Assoc Prof Singh is currently investigating the effects of bilingualism on social, cognitive and language development. In a second stream of research, she will also focus on identifying risks for language development in children from disadvantaged families. “I am interested in conducting research across different socioeconomic strata in Singapore to determine language gaps and designing interventions to counteract these risks so that all children can begin their academic journey on an equal footing,” she said.
Assoc Prof Singh stressed that she would like her work to have both scholarly and societal impact. “I am always mindful of the fact that much research is publicly funded and that this places on me the onus to conduct research that would also benefit the public. Going forward, I plan to pursue dual lines of research in basic and applied research to contribute meaningfully to society, where basic findings in language development can inform educational and parenting practices,” she explained.
Originally from India, Assoc Prof Singh conceded that her community can exert a rather strong pressure on women to get married and start a family instead of carving out a career. Fortunately for Assoc Prof Singh, her family did not subscribe to such beliefs. “I was raised in a family where I was encouraged as a female to pursue an independent career and I never had to justify career choices to my parents or other members of my family,” she said.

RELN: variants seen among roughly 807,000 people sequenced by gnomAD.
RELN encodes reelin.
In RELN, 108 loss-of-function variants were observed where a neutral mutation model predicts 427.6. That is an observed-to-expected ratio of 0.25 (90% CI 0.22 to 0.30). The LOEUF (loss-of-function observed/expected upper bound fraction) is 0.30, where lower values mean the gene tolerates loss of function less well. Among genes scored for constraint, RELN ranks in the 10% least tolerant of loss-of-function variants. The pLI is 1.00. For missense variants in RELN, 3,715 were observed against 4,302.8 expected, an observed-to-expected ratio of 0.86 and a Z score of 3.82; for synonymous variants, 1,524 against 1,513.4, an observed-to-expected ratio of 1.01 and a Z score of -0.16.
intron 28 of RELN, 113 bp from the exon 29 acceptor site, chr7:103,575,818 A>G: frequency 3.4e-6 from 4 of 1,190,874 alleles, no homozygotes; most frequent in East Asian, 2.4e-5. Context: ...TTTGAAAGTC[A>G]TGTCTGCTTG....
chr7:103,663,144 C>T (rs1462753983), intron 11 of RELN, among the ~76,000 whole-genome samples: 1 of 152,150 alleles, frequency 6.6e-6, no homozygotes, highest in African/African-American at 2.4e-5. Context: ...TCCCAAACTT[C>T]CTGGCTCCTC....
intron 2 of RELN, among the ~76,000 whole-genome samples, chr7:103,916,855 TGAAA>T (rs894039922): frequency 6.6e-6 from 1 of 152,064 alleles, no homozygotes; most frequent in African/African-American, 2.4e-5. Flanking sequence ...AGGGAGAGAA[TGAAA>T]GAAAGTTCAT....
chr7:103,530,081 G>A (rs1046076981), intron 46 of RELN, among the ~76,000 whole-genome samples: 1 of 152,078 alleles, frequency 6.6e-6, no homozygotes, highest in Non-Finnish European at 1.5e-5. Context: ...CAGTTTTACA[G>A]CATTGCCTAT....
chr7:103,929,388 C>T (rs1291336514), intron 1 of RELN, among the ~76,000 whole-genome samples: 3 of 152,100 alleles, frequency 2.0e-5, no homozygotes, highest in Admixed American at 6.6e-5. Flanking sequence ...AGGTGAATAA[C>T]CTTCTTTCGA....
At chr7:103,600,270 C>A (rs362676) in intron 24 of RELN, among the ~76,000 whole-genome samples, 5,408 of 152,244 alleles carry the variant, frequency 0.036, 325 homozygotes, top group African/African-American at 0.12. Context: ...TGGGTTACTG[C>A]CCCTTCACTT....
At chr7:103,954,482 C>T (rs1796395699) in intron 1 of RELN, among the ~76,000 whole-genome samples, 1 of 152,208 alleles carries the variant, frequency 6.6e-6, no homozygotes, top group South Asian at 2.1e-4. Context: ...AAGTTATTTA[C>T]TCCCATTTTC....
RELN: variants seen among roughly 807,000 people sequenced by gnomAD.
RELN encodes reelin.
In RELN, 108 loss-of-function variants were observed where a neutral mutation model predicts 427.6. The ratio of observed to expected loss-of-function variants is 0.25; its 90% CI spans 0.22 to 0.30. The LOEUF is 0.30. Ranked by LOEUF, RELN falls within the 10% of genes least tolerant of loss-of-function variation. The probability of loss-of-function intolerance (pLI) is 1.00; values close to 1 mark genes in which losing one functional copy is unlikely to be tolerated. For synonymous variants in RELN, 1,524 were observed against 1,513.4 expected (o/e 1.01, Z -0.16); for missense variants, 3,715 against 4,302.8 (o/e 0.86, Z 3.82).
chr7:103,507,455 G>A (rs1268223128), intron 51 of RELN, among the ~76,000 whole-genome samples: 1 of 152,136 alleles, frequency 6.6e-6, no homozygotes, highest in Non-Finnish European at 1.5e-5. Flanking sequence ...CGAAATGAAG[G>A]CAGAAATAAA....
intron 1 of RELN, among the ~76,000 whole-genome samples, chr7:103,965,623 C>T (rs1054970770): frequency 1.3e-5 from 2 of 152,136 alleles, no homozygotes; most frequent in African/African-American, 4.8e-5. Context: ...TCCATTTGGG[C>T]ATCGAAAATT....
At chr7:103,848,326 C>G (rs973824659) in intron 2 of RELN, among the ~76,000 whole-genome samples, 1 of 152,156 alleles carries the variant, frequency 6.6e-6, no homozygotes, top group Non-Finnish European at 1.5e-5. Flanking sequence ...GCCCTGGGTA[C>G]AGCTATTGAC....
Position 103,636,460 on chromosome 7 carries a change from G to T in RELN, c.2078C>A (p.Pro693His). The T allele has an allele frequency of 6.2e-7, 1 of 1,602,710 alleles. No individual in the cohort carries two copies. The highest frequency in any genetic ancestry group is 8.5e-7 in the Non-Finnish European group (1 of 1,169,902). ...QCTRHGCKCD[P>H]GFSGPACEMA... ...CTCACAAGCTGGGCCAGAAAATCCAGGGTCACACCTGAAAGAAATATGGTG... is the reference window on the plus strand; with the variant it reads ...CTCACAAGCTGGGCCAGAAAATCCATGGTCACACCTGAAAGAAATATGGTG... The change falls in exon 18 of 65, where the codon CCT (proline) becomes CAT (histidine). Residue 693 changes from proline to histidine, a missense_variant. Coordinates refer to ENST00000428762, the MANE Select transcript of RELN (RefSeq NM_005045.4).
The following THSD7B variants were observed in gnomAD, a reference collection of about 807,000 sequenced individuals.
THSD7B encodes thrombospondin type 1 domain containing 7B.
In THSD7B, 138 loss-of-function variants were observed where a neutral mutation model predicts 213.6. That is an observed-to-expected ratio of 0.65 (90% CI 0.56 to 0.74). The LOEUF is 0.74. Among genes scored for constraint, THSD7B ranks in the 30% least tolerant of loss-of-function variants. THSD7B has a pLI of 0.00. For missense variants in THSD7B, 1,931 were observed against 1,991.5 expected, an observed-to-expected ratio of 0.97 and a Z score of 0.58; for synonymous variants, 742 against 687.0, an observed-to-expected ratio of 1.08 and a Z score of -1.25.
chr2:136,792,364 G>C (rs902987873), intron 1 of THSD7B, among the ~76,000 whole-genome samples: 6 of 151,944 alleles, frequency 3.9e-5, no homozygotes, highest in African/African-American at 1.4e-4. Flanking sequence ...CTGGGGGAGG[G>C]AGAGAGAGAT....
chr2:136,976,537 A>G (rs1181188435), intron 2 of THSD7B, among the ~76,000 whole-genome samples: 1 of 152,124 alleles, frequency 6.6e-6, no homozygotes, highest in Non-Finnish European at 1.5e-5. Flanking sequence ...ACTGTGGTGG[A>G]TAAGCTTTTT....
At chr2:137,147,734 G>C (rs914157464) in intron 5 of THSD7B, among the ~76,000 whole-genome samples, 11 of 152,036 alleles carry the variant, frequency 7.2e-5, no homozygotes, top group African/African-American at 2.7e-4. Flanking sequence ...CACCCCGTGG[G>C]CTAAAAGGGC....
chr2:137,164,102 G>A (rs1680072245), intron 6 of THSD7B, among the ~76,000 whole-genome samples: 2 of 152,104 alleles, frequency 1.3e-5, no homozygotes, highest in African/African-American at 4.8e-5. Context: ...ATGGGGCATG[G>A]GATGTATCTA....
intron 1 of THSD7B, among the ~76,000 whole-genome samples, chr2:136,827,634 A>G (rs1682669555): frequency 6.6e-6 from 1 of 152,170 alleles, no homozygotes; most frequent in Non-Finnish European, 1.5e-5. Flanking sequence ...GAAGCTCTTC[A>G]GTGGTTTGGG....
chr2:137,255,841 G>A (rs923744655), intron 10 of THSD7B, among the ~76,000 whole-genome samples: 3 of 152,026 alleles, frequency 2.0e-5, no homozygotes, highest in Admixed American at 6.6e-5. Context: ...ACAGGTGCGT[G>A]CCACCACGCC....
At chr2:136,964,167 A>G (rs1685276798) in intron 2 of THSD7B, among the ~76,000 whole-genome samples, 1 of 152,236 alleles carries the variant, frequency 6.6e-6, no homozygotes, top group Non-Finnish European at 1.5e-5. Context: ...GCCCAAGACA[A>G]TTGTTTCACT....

To someone who is starting out in her field, Assoc Prof Singh would like to say, “It’s a marathon, not a sprint” and advises young academics to reflect upon how they want to make their mark. “I would encourage those starting out to gradually build a programmatic and incremental research direction that is focused on answering a significant set of questions, sort of like sketching a large puzzle and then trying to find pieces that will fit together to complete the puzzle,” she elaborated. This approach is preferable, she feels, to chasing opportunities for publication or contributing marginally to several different fields.
Assoc Prof Singh is married to Professor Rob Martinus van Dam, Vice Dean (Academic Affairs) at NUS Saw Swee Hock School of Public Health and they have two sons, Milan and Rehan, aged 6 and 9 years old respectively. “My favourite thing to do is to spend time with my children. I love the simple, everyday moments: reading together, building Lego blocks and spending time in the park. It is fascinating to watch them develop into their own person with ambitions, goals and ideals,” she said.
She is also an avid runner and tennis player, as well as an enthusiastic cook who loves to experiment with new recipes and with fusion cuisine. Some of her exciting creations include a green curry quinoa bowl, apple-marzipan tarte and pesto chicken kebabs, the last of which is Rehan’s favourite.